The young crowd, barely a skull-cap among them, took it in their stride. But the religious public got the message. Although they had voted overwhelmingly for his right-wing rival, Benjamin Netanyahu, Mr Barak was showing that he wanted at least one religious party in his coalition. Even after the anti-clerical left did so well in the election, the religious right will not be out in the cold.
The three religious parties have won a battle but lost a war in the general election. Their numbers have swelled from 23 MPs in the outgoing parliament to a record 27 in the new. Their combined strength has increased, but their leverage has weakened. Mr Barak could form a coalition without them.
If they joined the government, it would be on his terms not theirs. The gravy days of Mr Netanyahu's fragile administration, where every vote was a matter of life or death - and the religious politicians were pastmasters at making each one count - are over.
Their demands - lavish funding for seminaries, mass exemption from military service - provoked a resounding backlash among Israel's secular majority. Tommy Lapid, a journalist who entered politics only two months ago, won six seats on a stridently anti-clerical platform.
The left-liberal Meretz, an older hammer of the ultra-Orthodox, held on to its nine seats.
The seminarists are a particularly sore point. About 30,000 of them are currently excused conscription at a time when Israel is waging a painful war of attrition with Hizbollah guerrillas in Lebanon. One out of every 13 boys who reach military age is exempted. The rate rose by 45 per cent during the Netanyahu years. Some 200,000 young, and not-so-young men study Talmud into middle age. The Israeli taxpayer foots the bill in grants, housing subsidies and family allowances.
The secularists rejoiced this week that they were taking back their country. "We all feel better," beamed Yehuda Ilan in his furniture shop on the fringe of Jerusalem's ultra-Orthodox Mea Shearim ghetto. "Any free person would." They voted for Mr Barak not least because he promised to draft seminary students and redirect money to schools and universities.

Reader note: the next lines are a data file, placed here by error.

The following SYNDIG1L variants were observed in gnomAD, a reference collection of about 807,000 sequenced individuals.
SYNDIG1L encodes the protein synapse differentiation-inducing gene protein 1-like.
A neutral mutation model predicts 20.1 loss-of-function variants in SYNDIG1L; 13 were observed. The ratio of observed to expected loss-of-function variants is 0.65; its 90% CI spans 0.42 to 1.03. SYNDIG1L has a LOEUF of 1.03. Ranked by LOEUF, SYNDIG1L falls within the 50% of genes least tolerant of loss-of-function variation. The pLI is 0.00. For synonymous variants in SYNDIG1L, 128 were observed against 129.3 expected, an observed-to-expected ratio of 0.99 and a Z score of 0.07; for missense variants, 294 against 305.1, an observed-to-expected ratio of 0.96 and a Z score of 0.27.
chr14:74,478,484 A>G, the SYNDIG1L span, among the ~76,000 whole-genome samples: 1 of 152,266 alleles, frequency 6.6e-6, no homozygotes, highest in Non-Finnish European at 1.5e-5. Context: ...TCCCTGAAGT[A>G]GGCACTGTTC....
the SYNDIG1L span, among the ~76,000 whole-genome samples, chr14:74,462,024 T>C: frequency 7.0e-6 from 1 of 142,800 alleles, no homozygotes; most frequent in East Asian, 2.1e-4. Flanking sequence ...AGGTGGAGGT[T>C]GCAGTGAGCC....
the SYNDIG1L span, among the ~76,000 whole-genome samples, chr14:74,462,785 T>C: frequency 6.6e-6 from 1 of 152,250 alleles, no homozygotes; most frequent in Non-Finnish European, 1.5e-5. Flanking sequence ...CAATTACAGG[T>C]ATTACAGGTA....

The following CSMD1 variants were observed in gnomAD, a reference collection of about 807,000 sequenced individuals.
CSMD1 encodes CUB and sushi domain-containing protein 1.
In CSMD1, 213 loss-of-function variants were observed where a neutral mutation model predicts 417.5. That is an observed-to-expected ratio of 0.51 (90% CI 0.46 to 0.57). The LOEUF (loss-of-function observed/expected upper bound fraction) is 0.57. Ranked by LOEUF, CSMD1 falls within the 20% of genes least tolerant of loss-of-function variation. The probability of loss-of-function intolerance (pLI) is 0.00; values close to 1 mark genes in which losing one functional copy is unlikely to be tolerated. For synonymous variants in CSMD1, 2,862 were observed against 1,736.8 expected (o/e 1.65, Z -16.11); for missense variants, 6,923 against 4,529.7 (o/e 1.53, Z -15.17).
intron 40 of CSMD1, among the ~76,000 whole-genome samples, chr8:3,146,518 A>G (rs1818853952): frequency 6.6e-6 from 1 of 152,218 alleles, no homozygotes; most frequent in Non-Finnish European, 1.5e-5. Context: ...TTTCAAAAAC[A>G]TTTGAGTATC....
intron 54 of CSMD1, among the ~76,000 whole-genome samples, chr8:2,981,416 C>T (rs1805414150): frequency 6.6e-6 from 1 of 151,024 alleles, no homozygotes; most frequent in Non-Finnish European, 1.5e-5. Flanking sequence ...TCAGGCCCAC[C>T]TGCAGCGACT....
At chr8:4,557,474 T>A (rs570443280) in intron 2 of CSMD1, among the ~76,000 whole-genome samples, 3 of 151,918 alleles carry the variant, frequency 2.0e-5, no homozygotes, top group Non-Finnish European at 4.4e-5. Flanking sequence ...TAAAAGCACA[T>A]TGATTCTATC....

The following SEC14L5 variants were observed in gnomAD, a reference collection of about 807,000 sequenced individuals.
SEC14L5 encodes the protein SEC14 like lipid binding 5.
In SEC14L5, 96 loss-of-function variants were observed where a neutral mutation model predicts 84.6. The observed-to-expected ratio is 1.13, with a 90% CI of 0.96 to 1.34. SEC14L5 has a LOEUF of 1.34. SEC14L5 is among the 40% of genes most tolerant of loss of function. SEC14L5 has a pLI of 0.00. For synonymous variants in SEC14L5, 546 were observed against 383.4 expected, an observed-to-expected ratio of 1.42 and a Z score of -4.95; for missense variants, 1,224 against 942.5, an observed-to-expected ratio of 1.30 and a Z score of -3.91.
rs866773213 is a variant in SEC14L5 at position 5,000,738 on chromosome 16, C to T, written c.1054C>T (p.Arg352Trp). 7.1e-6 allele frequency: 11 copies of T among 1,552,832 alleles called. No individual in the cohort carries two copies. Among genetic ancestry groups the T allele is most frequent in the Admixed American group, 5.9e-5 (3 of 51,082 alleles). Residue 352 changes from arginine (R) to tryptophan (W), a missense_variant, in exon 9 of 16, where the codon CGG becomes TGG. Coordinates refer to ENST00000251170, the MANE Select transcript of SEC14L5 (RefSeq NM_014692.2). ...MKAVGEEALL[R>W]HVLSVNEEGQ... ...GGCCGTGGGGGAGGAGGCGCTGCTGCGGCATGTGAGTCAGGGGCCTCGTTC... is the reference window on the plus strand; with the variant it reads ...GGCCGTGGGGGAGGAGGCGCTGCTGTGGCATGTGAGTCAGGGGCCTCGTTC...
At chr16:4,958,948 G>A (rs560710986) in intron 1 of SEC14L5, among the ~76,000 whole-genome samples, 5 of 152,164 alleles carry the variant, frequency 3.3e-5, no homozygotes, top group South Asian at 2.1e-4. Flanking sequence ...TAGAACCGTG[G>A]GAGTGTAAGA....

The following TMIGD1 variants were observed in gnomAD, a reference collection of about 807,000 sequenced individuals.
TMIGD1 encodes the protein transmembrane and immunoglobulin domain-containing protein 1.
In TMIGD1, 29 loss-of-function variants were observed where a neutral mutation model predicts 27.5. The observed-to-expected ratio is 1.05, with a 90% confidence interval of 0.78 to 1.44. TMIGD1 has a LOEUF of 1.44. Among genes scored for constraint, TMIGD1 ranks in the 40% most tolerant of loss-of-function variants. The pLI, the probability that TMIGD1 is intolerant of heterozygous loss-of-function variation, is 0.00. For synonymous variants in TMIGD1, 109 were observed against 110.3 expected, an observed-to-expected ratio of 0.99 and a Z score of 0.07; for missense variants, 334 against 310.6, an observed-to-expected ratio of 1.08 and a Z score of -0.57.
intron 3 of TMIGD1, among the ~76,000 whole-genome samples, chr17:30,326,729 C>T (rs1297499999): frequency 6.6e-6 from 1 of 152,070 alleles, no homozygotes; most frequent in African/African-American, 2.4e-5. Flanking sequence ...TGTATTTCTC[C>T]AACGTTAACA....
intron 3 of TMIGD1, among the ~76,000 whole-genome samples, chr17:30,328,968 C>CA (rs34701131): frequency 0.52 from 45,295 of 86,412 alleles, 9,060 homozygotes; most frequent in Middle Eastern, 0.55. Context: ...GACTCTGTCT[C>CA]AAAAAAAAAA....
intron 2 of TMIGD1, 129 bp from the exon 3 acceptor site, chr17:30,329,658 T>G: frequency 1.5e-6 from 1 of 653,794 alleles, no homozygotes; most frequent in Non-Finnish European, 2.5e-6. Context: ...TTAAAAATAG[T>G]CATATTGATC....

Yossi Beilin, one of his senior Labour colleagues, told The Independent yesterday: "The anti-religious swing was a reaction to the excesses of the last three years, rather than an expression of hatred towards Jewish tradition. We aim to quell these flames, to bring peace at home as well as peace with our neighbours."
Shaul Schiff, a columnist in the National Religious Party's Hatzofeh daily, urged his elected representatives to take up the offer. "We must respond to any call by Barak to join his coalition," he commented. "The rift in the nation is frightening. Now is the moment of truth in which we have to stop the deterioration."
Menachem Porush, 83, an ultra-Orthodox veteran who has negotiated with secular politicians since the first prime minister, David Ben-Gurion, was less submissive. "After the extreme anti-religious propaganda we went through in the elections, we are afraid," he said. "But if [Barak] wants to be sure of this term and further terms, he shouldn't make the mistake of breaking relations with the religious parties." Conscription, he said, was out.
But Shmuel Sandler, a political science professor at Tel-Aviv's Bar-Ilan University, said the ultra-Orthodox would have to adapt to a new reality.Reuse content